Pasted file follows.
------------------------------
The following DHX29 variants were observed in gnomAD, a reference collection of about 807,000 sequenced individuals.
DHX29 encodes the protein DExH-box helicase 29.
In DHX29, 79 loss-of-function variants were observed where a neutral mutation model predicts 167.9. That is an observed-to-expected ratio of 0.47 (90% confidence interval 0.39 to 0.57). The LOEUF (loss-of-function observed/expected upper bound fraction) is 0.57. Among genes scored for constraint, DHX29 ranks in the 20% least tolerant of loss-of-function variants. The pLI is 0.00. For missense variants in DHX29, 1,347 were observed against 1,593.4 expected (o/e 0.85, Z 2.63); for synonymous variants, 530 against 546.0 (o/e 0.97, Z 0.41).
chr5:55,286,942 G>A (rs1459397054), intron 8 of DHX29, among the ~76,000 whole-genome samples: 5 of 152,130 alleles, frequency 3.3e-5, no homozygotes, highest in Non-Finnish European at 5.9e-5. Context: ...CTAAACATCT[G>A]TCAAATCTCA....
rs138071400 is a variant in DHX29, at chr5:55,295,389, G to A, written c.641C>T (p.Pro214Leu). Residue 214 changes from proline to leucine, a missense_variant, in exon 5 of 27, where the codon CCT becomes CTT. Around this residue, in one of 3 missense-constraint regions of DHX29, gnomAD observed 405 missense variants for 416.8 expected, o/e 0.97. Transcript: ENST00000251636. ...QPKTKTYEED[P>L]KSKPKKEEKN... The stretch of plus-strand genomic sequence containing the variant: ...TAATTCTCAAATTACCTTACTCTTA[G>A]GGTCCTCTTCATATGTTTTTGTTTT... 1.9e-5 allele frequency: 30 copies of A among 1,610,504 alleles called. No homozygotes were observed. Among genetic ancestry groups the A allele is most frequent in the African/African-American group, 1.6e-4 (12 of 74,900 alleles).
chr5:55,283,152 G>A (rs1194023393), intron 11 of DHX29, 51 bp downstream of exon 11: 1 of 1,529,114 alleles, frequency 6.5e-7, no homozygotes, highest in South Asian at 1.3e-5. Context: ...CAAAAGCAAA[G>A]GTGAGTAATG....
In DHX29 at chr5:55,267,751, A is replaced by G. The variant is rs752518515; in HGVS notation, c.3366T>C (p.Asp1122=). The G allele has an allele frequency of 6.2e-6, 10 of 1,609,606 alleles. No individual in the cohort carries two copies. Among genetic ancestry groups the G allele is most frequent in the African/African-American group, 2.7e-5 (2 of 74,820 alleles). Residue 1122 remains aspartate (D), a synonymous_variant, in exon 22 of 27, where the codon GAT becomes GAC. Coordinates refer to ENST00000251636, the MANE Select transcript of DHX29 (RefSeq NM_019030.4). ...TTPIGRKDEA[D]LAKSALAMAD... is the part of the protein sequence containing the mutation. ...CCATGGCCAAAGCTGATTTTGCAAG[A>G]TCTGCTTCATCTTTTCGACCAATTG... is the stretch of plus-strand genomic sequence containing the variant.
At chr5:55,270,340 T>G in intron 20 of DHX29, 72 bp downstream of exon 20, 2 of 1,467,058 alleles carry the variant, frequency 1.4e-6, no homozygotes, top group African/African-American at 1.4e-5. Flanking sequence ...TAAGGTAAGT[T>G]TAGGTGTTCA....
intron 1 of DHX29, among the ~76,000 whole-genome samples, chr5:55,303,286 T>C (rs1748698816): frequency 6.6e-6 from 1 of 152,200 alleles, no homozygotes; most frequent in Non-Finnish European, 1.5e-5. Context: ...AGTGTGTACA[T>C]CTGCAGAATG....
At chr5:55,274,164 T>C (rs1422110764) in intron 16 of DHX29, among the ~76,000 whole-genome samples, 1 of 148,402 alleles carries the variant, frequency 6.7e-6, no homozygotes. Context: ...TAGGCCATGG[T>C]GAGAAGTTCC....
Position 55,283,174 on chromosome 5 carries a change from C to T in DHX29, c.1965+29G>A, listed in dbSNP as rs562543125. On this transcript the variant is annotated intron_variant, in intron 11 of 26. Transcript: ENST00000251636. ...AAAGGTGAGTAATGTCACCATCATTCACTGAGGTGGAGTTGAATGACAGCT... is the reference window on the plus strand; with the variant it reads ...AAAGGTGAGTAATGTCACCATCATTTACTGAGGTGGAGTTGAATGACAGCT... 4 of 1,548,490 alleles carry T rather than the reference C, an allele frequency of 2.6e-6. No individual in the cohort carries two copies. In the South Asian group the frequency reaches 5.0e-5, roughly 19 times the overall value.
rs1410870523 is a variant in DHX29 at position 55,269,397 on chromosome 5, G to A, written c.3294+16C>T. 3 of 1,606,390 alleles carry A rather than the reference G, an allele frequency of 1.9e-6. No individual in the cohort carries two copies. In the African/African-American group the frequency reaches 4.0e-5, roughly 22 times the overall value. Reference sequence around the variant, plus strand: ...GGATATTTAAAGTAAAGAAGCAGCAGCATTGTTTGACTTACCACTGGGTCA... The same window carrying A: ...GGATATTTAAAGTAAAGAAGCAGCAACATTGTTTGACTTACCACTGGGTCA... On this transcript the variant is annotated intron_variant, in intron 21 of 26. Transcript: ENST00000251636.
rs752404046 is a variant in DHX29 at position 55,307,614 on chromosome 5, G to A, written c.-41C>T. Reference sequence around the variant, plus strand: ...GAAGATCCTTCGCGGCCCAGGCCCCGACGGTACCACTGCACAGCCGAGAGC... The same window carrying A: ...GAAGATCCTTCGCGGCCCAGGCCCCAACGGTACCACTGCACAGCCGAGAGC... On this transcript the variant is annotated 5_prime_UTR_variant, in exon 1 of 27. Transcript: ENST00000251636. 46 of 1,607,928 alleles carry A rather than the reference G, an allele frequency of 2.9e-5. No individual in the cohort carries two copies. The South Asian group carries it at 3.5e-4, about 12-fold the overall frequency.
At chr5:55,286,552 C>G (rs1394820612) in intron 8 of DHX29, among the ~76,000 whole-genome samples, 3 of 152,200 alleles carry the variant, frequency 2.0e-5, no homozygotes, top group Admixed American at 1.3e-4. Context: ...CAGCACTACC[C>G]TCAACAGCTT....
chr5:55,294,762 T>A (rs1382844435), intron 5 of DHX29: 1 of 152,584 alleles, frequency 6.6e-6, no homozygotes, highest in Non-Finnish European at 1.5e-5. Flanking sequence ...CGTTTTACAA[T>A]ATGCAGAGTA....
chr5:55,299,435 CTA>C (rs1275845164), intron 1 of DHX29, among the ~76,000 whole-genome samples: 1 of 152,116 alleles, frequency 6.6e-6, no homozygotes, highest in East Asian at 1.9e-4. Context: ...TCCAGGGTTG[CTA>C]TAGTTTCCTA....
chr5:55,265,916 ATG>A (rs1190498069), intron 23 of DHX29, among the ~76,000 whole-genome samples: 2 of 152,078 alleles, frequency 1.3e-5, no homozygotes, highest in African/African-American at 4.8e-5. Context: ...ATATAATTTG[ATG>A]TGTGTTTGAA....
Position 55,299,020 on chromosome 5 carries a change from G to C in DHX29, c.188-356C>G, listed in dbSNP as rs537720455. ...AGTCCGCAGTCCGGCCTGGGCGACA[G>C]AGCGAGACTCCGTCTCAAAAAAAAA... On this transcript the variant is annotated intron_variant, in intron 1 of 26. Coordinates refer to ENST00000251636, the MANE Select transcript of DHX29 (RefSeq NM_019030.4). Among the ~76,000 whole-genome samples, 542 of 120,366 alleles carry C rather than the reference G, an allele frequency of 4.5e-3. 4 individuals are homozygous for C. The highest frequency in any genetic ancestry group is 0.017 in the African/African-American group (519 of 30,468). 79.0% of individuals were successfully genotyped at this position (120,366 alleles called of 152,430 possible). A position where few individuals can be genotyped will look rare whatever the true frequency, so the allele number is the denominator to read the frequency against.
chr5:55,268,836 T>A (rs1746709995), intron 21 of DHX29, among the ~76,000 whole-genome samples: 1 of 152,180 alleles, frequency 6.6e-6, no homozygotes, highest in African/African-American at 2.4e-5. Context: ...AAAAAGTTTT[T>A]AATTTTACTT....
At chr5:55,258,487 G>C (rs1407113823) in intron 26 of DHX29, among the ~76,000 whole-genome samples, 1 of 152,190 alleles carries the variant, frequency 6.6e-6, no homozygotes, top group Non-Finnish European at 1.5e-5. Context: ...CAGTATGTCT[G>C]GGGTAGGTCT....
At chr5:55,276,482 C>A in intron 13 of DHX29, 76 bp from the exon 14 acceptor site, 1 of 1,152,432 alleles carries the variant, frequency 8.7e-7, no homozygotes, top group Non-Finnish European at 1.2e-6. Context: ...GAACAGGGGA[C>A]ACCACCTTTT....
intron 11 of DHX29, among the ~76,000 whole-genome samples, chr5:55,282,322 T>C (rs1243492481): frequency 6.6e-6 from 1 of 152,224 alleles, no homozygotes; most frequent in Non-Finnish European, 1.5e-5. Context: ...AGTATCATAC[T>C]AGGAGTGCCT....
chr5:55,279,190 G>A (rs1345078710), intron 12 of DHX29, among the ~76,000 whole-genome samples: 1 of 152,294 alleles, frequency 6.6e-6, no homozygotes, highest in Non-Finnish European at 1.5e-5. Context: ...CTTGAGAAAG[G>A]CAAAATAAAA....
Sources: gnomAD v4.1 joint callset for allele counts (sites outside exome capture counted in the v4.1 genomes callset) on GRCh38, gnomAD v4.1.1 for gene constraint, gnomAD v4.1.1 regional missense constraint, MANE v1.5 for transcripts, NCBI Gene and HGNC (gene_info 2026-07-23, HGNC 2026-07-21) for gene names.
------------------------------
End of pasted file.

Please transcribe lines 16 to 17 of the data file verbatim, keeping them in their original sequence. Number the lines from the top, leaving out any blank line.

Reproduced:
chr5:55,299,435 CTA>C (rs1275845164), intron 1 of DHX29, among the ~76,000 whole-genome samples: 1 of 152,116 alleles, frequency 6.6e-6, no homozygotes, highest in East Asian at 1.9e-4. Context: ...TCCAGGGTTG[CTA>C]TAGTTTCCTA....
chr5:55,265,916 ATG>A (rs1190498069), intron 23 of DHX29, among the ~76,000 whole-genome samples: 2 of 152,078 alleles, frequency 1.3e-5, no homozygotes, highest in African/African-American at 4.8e-5. Context: ...ATATAATTTG[ATG>A]TGTGTTTGAA....